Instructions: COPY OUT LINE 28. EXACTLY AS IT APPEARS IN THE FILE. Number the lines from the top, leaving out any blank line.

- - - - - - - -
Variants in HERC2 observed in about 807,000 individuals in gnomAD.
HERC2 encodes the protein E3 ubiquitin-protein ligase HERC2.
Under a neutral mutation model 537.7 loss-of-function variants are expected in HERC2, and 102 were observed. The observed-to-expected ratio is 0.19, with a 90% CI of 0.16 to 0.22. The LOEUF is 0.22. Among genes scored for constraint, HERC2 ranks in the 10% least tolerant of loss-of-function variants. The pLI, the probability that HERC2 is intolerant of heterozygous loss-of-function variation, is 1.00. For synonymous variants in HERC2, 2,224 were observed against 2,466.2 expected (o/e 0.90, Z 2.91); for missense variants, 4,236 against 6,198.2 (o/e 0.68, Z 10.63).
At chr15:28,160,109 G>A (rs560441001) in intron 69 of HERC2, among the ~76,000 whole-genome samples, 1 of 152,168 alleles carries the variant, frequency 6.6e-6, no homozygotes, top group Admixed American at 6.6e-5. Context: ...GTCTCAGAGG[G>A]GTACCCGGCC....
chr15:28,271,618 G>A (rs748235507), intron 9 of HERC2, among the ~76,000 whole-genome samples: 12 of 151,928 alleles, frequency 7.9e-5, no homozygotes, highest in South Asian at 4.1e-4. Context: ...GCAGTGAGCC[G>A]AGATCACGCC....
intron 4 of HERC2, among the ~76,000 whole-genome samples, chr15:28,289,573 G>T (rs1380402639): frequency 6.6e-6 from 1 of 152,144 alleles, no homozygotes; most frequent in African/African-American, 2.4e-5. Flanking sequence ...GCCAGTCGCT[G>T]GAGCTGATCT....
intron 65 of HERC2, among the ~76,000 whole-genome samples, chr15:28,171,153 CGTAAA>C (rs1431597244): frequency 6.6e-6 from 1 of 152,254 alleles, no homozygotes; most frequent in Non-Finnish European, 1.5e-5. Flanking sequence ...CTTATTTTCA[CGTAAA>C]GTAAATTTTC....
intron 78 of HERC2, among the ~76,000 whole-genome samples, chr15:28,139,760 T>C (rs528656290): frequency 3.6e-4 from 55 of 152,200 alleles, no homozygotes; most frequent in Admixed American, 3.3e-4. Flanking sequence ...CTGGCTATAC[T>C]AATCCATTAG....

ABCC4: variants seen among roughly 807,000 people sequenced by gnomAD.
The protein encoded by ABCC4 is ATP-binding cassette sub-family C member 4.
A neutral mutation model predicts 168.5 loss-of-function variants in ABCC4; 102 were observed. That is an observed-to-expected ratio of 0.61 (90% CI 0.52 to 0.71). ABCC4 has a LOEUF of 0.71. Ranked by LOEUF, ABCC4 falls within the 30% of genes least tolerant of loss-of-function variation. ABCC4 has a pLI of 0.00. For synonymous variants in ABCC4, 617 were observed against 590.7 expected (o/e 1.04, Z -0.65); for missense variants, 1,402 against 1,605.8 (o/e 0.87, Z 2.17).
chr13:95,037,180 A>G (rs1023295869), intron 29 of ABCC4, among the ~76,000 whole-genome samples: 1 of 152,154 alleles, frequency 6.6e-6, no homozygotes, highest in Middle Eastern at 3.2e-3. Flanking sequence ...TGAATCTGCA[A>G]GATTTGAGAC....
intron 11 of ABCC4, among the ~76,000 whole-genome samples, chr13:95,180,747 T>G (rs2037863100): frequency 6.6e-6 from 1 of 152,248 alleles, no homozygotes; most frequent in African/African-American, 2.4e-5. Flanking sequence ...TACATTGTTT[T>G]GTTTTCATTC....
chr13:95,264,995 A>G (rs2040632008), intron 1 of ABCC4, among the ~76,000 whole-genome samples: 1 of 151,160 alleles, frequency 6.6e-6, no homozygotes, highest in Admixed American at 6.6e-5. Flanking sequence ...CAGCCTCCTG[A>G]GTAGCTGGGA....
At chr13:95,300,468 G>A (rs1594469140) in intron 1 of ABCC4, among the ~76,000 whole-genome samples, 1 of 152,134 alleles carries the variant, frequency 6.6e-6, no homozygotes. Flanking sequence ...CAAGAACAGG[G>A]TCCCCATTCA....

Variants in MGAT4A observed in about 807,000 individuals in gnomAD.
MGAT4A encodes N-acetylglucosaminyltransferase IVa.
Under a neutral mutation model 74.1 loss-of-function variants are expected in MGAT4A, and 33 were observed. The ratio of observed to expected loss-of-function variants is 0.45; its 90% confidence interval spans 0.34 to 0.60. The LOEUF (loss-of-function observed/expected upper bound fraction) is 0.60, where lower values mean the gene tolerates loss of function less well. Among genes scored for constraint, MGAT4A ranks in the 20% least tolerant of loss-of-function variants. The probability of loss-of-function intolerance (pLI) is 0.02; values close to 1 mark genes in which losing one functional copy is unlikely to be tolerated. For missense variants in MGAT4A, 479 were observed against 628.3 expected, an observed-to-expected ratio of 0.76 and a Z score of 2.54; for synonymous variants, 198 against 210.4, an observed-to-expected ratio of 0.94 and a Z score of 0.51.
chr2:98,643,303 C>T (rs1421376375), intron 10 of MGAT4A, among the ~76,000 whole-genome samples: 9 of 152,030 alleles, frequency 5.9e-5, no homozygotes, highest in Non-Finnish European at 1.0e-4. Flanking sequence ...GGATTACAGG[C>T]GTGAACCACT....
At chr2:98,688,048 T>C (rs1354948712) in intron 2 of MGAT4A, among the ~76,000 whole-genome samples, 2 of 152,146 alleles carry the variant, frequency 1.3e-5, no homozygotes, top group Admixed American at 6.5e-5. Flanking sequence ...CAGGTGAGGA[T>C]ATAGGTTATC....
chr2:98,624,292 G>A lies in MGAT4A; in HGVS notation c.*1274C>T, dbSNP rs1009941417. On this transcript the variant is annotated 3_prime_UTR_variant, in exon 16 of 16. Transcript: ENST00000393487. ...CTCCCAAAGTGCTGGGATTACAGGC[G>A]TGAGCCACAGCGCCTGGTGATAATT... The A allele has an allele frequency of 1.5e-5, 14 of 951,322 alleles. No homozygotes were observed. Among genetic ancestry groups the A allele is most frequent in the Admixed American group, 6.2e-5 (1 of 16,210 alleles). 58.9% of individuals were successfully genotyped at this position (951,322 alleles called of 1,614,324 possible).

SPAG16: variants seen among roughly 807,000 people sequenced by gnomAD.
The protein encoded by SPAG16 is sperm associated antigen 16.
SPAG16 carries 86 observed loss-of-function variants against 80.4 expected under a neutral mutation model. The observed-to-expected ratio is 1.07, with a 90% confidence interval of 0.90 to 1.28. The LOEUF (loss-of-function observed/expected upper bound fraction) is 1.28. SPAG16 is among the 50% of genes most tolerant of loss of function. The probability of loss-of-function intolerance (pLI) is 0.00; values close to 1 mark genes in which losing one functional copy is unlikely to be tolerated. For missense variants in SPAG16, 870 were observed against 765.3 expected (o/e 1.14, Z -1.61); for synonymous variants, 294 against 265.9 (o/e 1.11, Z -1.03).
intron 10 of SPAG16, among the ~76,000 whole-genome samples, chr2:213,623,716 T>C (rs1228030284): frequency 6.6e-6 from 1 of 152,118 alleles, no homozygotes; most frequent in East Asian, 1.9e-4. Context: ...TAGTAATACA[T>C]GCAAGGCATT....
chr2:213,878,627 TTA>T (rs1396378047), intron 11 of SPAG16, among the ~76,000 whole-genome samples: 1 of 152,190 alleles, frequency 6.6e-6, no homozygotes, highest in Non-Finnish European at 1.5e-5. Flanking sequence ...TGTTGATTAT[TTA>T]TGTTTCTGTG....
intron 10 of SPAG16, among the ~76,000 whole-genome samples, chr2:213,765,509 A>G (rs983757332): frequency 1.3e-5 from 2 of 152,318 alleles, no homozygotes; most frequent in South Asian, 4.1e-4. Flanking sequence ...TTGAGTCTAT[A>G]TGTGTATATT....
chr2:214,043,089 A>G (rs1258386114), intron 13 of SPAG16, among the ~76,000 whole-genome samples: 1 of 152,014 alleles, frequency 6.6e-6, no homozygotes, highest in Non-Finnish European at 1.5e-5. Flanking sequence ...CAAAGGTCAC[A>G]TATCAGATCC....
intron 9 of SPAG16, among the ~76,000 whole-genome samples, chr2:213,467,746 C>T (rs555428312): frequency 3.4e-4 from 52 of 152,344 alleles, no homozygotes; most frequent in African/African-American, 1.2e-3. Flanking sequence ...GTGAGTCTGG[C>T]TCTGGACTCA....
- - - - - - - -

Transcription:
chr2:214,043,089 A>G (rs1258386114), intron 13 of SPAG16, among the ~76,000 whole-genome samples: 1 of 152,014 alleles, frequency 6.6e-6, no homozygotes, highest in Non-Finnish European at 1.5e-5. Flanking sequence ...CAAAGGTCAC[A>G]TATCAGATCC....